The concerns of Drs Purkis [BCMJ 2001;43(2):71] and Toewes [BCMJ 2001;43(4):195] are certainly not exaggerated and I would not like to see them go unheeded. A little elaboration may be of help.
Urban general practice is now very rapidly coming to crisis stage. This may sound jaded in view of all the other daily cliches about “health care crisis” in the daily news, but it is now an absolute fact.
During the current year 2001, the number of family physician retirements in the New Westminster/Tri-Cities area has produced a critical number of orphaned patients. These unfortunate souls have been set loose, often with short notice by their ill, ageing, or burned-out physicians, and are frantically searching for a new family physician—in vain. There are no new physicians setting up in a traditional family practice. Why is this so? Here are some of the reasons:
• Brain drain.
• Practices are full.
• Retiring physicians can’t give away a practice—let alone sell it. As recently as 10 to 15 years ago a practice was a valuable asset, worth up to $100,000.
• No locums are available to spell us off. Of the very few locums available, many won’t assume full practice responsibility of on call and hospital duties. They are demanding a higher percentage of gross, and frequently demand a minimum guarantee.
• Even in a multi-practice physician’s office, because of full practices, it is difficult for the partners to cover the extra load.
• The locum pool is in full- or part-time practice in walk-in clinics—no stress, high volume, no on call, no difficult chronic illnesses, no nursing homes, no hospitals, minimal paperwork, no meetings in the hospitals.
Due to this, we can’t get time off.
We must make traditional family practice more attractive to the up and coming group of young physicians, as well as the incumbents. We must have a differential between us and the walk-in clinics. We have to get a premium for dealing with phone calls, on call, paper work, dealing with hospitals and nursing homes, and running an office. General practice needs to attract new physicians and retain the old.
—G. Kenefick, MB
Above is the information needed to cite this article in your paper or presentation. The International Committee
of Medical Journal Editors (ICMJE) recommends the following citation style, which is the now nearly universally
accepted citation style for scientific papers:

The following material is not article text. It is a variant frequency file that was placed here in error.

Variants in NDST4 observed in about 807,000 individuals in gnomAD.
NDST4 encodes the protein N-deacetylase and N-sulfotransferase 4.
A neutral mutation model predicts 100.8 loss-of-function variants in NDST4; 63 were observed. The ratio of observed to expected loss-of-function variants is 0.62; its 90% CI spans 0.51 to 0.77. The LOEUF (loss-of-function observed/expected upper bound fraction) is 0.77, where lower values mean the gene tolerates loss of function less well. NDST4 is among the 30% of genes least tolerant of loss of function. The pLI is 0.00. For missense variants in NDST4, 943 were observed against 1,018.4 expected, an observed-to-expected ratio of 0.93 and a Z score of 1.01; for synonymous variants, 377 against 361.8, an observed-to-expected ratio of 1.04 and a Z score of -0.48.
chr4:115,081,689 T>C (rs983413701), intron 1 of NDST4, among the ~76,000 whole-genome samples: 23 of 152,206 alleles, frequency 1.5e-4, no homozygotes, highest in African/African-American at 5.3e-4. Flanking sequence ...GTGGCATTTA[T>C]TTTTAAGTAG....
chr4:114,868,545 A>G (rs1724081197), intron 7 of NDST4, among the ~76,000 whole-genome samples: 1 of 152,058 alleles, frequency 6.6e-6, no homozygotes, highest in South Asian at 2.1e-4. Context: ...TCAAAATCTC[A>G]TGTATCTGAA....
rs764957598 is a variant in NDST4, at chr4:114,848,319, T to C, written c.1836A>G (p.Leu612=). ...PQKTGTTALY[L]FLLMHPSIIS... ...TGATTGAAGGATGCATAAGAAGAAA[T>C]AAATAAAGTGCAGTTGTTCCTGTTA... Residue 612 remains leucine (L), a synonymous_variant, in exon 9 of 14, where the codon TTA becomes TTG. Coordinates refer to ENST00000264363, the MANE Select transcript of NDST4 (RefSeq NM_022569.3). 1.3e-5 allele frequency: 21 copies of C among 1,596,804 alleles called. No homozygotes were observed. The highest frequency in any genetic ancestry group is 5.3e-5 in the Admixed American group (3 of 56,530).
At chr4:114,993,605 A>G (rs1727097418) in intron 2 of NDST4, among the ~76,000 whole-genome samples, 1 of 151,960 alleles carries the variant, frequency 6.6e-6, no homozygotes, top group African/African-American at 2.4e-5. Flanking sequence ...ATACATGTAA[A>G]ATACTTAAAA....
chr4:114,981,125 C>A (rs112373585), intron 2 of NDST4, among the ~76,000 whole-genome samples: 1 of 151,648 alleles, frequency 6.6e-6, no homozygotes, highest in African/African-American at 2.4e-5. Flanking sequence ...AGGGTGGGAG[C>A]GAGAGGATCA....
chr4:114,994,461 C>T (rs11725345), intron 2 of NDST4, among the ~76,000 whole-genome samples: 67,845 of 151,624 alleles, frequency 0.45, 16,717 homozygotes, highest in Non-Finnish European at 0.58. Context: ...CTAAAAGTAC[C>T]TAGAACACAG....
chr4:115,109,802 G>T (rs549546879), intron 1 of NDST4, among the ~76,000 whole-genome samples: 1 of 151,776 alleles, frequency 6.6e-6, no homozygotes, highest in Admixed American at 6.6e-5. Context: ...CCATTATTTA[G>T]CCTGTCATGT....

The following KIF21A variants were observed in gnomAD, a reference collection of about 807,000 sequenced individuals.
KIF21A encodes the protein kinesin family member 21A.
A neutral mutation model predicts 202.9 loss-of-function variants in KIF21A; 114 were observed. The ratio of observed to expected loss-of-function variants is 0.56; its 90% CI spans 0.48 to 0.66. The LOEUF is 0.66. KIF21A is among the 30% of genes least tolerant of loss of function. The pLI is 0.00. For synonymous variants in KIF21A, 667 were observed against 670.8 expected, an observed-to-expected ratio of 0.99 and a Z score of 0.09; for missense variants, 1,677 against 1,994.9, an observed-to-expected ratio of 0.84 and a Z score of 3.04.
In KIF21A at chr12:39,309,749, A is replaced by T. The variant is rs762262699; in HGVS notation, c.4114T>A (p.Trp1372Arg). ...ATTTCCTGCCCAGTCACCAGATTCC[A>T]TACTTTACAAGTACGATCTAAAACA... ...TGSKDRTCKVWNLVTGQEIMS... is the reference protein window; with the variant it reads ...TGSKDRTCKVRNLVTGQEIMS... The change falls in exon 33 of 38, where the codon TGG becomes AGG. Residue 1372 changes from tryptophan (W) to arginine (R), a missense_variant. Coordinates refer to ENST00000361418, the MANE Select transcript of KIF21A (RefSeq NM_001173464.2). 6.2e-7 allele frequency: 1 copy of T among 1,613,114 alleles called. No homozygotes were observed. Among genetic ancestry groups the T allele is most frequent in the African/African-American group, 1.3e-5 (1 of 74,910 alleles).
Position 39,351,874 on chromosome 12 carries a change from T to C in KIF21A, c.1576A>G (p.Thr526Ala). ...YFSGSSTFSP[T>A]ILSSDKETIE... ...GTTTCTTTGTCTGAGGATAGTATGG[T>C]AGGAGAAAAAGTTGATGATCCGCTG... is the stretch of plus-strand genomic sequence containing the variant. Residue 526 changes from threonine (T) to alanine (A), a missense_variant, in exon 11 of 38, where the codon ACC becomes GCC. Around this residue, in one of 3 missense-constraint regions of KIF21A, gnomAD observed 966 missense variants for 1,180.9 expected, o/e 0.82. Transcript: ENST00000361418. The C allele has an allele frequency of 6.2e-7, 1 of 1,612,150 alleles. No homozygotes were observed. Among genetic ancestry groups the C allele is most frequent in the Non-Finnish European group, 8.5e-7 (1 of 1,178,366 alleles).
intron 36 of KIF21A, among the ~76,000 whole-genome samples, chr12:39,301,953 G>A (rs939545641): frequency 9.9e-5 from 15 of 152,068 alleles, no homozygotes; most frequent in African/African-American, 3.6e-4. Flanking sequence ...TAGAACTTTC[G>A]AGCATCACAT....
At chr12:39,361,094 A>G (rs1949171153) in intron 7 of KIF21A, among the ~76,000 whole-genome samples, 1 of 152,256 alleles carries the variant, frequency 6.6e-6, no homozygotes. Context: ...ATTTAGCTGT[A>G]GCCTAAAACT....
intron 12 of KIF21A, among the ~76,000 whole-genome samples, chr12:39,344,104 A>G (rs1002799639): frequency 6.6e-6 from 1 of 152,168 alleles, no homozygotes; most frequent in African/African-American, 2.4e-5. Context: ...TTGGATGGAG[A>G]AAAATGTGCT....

Halpern SD, Ubel PA, Caplan AL, Marion DW, Palmer AM, Schiding JK, et al. Solid-organ transplantation in HIV-infected patients. N Engl J Med. 2002;347:284-7.
About the ICMJE and citation styles
The ICMJE is small group of editors of general medical journals who first met informally in Vancouver, British Columbia, in 1978 to establish guidelines for the format of manuscripts submitted to their journals. The group became known as the Vancouver Group. Its requirements for manuscripts, including formats for bibliographic references developed by the U.S. National Library of Medicine (NLM), were first published in 1979. The Vancouver Group expanded and evolved into the International Committee of Medical Journal Editors (ICMJE), which meets annually. The ICMJE created the Recommendations for the Conduct, Reporting, Editing, and Publication of Scholarly Work in Medical Journals to help authors and editors create and distribute accurate, clear, easily accessible reports of biomedical studies.
An alternate version of ICMJE style is to additionally list the month an issue number, but since most journals use continuous pagination, the shorter form provides sufficient information to locate the reference. The NLM now lists all authors.
BCMJ standard citation style is a slight modification of the ICMJE/NLM style, as follows:
- Only the first three authors are listed, followed by "et al."
- There is no period after the journal name.
- Page numbers are not abbreviated.
For more information on the ICMJE Recommendations for the Conduct, Reporting, Editing, and Publication of Scholarly Work in Medical Journals, visit www.icmje.org